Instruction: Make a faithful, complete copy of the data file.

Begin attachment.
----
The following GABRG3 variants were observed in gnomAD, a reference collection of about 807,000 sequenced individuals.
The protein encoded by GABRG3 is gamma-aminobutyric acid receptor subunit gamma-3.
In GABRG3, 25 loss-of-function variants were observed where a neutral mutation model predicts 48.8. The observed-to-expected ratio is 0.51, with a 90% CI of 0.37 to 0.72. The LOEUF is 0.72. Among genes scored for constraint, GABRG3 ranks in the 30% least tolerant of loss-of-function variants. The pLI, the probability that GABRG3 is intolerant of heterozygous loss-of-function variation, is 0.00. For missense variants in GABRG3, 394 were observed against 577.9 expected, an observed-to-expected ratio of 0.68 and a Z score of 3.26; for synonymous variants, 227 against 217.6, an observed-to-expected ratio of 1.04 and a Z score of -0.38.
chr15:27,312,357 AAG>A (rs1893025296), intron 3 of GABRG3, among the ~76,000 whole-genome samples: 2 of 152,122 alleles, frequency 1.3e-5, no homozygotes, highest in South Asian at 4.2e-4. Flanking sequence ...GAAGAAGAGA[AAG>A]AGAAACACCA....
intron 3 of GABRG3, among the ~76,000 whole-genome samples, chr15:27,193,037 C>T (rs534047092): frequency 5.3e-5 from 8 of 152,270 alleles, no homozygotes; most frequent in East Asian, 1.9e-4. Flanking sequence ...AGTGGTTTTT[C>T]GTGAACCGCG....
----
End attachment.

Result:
The following GABRG3 variants were observed in gnomAD, a reference collection of about 807,000 sequenced individuals.
The protein encoded by GABRG3 is gamma-aminobutyric acid receptor subunit gamma-3.
In GABRG3, 25 loss-of-function variants were observed where a neutral mutation model predicts 48.8. The observed-to-expected ratio is 0.51, with a 90% CI of 0.37 to 0.72. The LOEUF is 0.72. Among genes scored for constraint, GABRG3 ranks in the 30% least tolerant of loss-of-function variants. The pLI, the probability that GABRG3 is intolerant of heterozygous loss-of-function variation, is 0.00. For missense variants in GABRG3, 394 were observed against 577.9 expected, an observed-to-expected ratio of 0.68 and a Z score of 3.26; for synonymous variants, 227 against 217.6, an observed-to-expected ratio of 1.04 and a Z score of -0.38.
chr15:27,312,357 AAG>A (rs1893025296), intron 3 of GABRG3, among the ~76,000 whole-genome samples: 2 of 152,122 alleles, frequency 1.3e-5, no homozygotes, highest in South Asian at 4.2e-4. Flanking sequence ...GAAGAAGAGA[AAG>A]AGAAACACCA....
intron 3 of GABRG3, among the ~76,000 whole-genome samples, chr15:27,193,037 C>T (rs534047092): frequency 5.3e-5 from 8 of 152,270 alleles, no homozygotes; most frequent in East Asian, 1.9e-4. Flanking sequence ...AGTGGTTTTT[C>T]GTGAACCGCG....